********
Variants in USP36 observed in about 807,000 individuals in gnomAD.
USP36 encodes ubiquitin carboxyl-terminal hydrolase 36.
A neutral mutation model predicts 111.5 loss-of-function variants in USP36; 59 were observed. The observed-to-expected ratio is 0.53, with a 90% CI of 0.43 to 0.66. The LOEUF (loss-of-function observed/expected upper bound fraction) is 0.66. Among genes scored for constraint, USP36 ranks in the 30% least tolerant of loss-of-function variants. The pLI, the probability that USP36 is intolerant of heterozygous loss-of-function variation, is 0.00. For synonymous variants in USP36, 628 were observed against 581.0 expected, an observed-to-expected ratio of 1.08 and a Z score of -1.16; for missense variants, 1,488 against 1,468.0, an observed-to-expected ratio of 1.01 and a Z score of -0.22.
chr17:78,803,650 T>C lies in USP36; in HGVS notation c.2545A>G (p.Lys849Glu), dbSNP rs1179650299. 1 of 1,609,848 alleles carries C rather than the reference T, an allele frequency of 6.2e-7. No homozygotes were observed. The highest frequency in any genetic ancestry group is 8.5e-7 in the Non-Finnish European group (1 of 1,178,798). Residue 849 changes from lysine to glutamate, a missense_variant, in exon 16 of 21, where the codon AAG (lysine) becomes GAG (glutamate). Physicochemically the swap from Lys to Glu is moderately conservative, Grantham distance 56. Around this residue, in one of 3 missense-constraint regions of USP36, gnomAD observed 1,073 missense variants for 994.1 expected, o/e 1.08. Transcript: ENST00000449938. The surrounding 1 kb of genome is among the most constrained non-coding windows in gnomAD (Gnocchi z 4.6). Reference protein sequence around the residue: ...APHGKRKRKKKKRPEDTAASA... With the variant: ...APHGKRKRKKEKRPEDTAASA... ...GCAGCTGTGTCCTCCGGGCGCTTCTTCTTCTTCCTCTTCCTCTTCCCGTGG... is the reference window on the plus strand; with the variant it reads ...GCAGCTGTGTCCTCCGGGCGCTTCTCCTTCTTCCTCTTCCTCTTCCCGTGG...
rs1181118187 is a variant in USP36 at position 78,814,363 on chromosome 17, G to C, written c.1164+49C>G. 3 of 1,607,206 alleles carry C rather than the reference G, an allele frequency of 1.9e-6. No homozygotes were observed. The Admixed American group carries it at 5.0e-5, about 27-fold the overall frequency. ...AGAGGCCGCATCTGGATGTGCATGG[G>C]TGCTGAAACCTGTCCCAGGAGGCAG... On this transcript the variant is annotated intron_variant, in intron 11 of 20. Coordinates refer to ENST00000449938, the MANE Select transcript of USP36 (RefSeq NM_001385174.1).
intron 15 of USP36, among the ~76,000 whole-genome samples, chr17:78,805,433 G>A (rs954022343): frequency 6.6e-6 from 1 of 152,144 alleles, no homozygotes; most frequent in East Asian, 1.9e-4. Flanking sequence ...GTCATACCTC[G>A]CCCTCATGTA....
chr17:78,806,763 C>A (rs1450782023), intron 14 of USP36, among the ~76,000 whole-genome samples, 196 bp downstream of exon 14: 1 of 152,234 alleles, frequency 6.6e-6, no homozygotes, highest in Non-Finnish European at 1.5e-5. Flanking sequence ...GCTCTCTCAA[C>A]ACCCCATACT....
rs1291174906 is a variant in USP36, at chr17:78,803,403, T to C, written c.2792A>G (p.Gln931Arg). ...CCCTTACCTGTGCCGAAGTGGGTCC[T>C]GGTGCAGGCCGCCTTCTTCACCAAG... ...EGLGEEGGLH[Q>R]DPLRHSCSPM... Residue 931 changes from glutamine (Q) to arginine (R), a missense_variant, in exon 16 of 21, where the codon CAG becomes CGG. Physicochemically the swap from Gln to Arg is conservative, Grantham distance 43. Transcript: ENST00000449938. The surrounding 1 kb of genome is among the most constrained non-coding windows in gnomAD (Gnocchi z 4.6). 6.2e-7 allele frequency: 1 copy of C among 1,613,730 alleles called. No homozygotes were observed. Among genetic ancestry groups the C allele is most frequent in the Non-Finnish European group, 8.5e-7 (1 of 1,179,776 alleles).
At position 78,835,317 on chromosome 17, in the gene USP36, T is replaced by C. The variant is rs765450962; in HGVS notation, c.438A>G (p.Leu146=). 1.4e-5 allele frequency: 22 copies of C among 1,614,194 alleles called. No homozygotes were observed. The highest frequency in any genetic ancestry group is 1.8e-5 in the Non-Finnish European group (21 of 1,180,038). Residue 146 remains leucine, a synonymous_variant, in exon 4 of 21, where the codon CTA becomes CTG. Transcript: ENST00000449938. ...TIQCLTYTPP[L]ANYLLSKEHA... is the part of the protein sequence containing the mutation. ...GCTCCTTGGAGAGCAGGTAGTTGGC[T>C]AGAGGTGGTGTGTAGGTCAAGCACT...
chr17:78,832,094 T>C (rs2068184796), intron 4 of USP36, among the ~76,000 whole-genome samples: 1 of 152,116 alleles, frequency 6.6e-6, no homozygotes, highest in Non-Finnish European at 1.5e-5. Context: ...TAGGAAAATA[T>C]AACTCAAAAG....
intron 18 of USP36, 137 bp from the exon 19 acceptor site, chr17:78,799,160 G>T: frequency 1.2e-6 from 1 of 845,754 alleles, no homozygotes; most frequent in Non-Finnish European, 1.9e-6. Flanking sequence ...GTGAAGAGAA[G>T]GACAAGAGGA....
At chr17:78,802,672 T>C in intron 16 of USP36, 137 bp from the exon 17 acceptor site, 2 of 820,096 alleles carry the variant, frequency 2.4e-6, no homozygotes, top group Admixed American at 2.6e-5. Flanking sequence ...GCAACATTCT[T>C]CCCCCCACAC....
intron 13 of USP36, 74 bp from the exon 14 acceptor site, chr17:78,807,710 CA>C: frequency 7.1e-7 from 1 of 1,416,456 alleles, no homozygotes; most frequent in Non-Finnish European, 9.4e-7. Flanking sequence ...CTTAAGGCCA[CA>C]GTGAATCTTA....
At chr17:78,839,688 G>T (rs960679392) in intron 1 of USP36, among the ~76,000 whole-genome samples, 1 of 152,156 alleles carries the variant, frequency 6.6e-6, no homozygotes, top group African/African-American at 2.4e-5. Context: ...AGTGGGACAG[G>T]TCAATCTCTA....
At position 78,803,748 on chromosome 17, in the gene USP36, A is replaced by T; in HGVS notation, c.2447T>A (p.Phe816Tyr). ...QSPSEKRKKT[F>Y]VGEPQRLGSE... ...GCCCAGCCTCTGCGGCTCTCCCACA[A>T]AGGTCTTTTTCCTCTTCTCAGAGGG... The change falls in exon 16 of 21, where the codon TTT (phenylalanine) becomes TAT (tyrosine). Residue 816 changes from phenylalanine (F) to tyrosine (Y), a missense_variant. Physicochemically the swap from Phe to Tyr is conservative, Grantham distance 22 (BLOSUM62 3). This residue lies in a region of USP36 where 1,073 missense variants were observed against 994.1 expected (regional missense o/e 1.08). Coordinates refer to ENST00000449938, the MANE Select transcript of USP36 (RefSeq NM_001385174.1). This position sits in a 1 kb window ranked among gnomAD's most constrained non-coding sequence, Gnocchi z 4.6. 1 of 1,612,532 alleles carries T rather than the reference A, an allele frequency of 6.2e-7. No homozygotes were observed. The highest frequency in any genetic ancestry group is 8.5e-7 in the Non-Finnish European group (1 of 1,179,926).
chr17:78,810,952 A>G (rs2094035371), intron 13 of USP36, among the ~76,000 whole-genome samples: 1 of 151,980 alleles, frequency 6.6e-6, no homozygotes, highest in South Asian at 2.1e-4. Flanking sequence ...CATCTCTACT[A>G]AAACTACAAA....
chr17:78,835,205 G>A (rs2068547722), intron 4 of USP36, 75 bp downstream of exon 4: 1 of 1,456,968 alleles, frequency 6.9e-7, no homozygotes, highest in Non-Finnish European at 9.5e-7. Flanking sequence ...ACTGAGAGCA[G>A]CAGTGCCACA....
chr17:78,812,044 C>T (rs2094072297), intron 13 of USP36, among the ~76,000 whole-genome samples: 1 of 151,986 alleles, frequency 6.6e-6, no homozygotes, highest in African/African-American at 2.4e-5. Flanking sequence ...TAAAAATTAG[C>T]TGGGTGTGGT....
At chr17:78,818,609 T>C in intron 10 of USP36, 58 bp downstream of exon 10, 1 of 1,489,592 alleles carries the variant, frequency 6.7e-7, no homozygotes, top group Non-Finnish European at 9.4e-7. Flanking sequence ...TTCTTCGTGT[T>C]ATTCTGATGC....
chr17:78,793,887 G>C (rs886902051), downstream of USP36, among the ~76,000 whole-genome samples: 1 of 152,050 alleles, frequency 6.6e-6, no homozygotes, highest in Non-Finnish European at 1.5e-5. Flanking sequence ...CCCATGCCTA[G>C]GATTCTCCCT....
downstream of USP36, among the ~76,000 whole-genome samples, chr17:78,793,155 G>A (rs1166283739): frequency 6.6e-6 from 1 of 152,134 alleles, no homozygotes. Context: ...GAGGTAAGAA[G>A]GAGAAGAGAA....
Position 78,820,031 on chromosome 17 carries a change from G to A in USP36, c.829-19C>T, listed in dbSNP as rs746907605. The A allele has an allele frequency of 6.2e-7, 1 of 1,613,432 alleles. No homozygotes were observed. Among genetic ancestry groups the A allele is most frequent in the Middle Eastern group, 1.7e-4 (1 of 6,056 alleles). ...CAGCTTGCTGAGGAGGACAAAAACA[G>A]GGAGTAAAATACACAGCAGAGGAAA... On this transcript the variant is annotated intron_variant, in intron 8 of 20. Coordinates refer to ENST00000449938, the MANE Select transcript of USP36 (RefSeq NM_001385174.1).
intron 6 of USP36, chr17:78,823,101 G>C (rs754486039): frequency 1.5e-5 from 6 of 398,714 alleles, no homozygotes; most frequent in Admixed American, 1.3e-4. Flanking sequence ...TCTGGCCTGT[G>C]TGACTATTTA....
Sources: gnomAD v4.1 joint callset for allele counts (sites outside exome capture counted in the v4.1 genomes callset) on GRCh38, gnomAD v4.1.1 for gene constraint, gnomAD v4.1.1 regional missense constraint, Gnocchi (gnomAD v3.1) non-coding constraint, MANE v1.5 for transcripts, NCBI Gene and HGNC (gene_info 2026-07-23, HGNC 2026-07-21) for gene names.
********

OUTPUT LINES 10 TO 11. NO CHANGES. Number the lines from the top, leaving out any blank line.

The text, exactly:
chr17:78,832,094 T>C (rs2068184796), intron 4 of USP36, among the ~76,000 whole-genome samples: 1 of 152,116 alleles, frequency 6.6e-6, no homozygotes, highest in Non-Finnish European at 1.5e-5. Context: ...TAGGAAAATA[T>C]AACTCAAAAG....
intron 18 of USP36, 137 bp from the exon 19 acceptor site, chr17:78,799,160 G>T: frequency 1.2e-6 from 1 of 845,754 alleles, no homozygotes; most frequent in Non-Finnish European, 1.9e-6. Flanking sequence ...GTGAAGAGAA[G>T]GACAAGAGGA....